Well, the Large Hadron Collider has already broken down, but a blackhole opened up on our planet this week anyway!
As new media-savvy, well-equipped, and omnisciently hip as the new robber-barons may be, apparently none of them are down with the Wu: protect ya neck, for fuck sake. They didn't, and evidently the world as we knew it ended not in September 2001, but in September 2008.
Appropriating the words of Eddie Izzard, "It's the cutting edge of politics in a very, extraordinarily boring way." No one I know (or at least care about) changed their plans this week: groceries were bought, laundry was done, Columbo reruns were watched, even as financiers wept on Canary Wharf or quietly shat themselves behind Rockefeller Plaza.
But never has there been as theoretically exciting & confused a time in my life. Suddenly, my bickering over the insignificance of that 3.3% GDP bump is hardly dogmatic contrarianism. Small-gov't enthusiasts, who very recently equated taxation with "confiscation at gunpoint," swiftly adopted an oddly zen-like, self-nullifying stance towards their tax dollars. There's an astounding amount of invigorating chatter about not only the pragmatic positives of public ownership, but also the fundamental inviability of neoliberalism. And as "deregulation" entered the breakfast-talk lexicon of America, Obama jumped back into the lead.
At the very least, America's unimpeachable economic power is a thing of the past. Central banks dumped near-unprecedented sums of cash in a bid to build domestic stability, which may kick-start a feeding frenzy upon the American market by foreign entities. Around Deutsche-way, for example, the chairman of insurance giant Allianz (flush from its recent sale of Dresdner Bank) was quoted last week as saying, "From what I see of some of our competitors in the US, this is not a bad time to look at the US market." With the recent merger of its four biggest banks into a mere two - with assets among them topping €3.3 trillion - the world's No. 3 economy has players positioned to place Germany higher upon the economic podium. European bank champ Alessandro Profumo, for one, welcomed the news: "A market with fewer competitors is more profitable."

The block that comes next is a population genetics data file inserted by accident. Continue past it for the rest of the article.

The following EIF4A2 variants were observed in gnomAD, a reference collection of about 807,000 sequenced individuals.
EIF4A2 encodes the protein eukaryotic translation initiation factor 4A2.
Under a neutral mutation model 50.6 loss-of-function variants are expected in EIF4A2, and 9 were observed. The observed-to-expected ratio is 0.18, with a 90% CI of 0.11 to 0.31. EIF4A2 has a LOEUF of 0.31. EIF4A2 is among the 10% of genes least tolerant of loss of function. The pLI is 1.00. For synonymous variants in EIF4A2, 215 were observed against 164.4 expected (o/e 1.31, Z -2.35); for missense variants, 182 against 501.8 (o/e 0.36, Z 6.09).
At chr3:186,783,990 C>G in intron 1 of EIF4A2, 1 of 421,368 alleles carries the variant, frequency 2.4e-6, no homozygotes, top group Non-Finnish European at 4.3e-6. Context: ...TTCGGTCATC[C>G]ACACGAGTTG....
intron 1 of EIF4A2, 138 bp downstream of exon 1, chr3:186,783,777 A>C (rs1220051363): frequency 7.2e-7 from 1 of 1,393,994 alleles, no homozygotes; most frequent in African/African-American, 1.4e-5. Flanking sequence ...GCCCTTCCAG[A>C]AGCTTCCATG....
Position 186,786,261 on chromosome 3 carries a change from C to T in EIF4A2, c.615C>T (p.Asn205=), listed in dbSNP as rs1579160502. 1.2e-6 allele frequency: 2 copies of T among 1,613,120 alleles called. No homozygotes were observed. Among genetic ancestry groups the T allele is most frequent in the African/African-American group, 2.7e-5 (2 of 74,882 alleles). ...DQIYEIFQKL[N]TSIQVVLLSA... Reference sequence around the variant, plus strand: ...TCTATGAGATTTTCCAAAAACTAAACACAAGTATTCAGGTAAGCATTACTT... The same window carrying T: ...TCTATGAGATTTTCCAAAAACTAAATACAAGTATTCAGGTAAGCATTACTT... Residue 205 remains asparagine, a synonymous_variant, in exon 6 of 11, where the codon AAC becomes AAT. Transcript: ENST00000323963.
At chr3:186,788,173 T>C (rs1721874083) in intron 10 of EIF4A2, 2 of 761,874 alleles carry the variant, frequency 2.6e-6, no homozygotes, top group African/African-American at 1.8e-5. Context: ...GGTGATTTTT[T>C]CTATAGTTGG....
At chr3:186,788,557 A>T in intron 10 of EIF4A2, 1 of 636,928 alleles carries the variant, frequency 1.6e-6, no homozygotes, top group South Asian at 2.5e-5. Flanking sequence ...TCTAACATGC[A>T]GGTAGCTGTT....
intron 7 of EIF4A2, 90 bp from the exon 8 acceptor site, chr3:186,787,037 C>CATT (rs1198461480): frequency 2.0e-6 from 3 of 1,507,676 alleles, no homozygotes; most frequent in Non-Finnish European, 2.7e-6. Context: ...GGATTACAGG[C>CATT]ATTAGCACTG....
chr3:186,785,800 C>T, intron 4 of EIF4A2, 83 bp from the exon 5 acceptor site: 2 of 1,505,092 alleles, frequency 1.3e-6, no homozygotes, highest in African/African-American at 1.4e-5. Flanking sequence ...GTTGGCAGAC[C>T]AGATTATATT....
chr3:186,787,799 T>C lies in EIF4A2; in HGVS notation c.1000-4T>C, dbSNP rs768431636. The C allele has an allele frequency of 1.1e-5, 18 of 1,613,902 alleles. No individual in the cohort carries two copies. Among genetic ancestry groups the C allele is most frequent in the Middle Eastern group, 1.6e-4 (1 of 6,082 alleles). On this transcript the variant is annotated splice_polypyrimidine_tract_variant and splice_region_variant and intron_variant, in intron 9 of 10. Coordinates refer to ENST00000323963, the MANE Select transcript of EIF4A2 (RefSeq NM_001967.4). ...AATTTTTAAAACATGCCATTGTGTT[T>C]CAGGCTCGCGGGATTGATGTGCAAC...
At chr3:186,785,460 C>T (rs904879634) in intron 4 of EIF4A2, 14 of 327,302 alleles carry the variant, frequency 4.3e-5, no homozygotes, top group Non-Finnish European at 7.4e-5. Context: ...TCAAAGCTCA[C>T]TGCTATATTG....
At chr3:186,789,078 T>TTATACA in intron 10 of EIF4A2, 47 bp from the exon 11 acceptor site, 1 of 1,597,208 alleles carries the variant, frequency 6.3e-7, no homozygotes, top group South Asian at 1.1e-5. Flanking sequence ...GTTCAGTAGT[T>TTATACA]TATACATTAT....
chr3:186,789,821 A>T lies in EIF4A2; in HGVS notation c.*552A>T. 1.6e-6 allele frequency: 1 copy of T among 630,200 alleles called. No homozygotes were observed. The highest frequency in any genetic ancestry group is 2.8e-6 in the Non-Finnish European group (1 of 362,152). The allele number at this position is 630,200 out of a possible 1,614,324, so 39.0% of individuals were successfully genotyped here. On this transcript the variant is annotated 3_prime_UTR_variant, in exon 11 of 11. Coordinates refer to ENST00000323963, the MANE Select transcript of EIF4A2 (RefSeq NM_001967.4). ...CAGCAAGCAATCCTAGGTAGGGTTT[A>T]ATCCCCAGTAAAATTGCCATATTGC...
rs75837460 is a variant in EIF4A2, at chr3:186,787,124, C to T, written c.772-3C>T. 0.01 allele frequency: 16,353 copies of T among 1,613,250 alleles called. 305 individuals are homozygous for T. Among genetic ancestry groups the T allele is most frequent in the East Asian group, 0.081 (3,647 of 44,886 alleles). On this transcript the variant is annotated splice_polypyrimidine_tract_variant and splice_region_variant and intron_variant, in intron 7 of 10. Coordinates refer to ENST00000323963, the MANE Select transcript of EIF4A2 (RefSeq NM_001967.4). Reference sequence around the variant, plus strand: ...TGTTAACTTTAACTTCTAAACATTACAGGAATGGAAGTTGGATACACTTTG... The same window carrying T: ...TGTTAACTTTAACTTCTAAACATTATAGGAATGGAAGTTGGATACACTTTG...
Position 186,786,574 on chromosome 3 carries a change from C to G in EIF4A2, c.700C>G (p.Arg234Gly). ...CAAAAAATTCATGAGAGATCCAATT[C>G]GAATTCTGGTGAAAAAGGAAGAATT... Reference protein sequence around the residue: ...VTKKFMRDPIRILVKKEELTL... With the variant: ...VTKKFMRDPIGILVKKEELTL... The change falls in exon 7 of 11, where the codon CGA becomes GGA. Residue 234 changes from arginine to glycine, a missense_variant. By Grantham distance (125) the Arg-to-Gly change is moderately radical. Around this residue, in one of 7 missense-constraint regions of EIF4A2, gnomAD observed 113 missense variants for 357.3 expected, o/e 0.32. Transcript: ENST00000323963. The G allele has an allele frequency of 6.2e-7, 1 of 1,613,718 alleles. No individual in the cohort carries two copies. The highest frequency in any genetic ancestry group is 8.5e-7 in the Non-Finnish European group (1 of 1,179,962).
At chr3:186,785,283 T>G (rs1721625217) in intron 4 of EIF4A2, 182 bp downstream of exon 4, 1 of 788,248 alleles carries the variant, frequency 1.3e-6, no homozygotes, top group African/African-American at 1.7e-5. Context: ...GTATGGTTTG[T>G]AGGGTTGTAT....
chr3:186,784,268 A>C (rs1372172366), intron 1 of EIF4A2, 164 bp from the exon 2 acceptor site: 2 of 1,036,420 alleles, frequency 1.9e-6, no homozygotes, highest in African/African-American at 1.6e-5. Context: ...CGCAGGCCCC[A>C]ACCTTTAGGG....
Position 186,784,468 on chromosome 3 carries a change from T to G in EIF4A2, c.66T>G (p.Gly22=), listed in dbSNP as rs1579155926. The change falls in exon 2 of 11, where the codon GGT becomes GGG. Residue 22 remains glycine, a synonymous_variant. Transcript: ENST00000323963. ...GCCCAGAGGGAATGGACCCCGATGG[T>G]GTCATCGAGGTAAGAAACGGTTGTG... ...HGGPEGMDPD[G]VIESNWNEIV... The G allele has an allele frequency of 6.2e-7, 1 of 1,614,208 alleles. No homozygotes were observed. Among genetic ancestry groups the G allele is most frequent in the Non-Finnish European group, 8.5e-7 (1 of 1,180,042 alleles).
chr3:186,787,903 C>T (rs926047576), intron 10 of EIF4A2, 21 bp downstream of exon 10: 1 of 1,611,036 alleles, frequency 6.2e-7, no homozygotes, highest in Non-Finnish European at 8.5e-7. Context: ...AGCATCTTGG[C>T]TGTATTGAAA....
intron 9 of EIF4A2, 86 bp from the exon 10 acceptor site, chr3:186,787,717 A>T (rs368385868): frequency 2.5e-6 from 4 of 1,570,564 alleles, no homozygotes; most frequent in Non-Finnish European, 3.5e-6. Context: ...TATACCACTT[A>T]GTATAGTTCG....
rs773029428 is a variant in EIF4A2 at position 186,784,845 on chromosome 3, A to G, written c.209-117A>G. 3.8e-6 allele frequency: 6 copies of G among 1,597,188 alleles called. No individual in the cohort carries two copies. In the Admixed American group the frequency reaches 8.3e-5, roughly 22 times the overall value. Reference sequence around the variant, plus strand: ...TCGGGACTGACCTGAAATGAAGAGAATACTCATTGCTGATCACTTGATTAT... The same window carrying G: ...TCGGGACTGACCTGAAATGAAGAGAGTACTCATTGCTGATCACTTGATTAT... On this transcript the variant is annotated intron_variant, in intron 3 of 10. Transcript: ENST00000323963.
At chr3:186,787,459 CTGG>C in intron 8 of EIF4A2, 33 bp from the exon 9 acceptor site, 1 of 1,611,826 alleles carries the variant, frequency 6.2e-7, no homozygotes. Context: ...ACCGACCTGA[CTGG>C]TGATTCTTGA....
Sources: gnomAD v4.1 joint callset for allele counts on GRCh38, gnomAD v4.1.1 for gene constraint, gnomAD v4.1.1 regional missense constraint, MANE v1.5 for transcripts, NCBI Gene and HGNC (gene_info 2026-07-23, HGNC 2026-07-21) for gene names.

Of course, nevermind that Profumo was ignoring the 9,000 pink-slips passed out during the Commerzbank-Dresdner merger, a universally-puffing CPI, and that his fellow Italians pay the steepest bank fees in Europe - he said the above before the financial shitstorm. We've all seen now what happens when all the eggs are in one basket (or, rather, the eggs are on layaway with extortive API and have already been promised to several other baskets at the same time).
An ironic postscript to this week's dramatic developments: the most expensive condo in Canada just went on the market, for a handsome $30 million (yes, that's CDN, but if you've checked the exchange rates, the Yankees can't pay that price in pocket change anymore). A common criticism of late-stage capitalism is that it engenders inequity; to be sure, the wealth gap has been growing (an average top 1% household is worth 190 times a median household) as fast as social mobility has been slowing. As the in media explodum bubble swelled over the past decade, the growing number of occupants of said bubble greeted these critiques with a shrug and a wag of the middle finger. Now that their portfolios have been flushed and their penthouse dreams all towering infernos, maybe we can stop pretending poverty is a personal shortcoming, eh?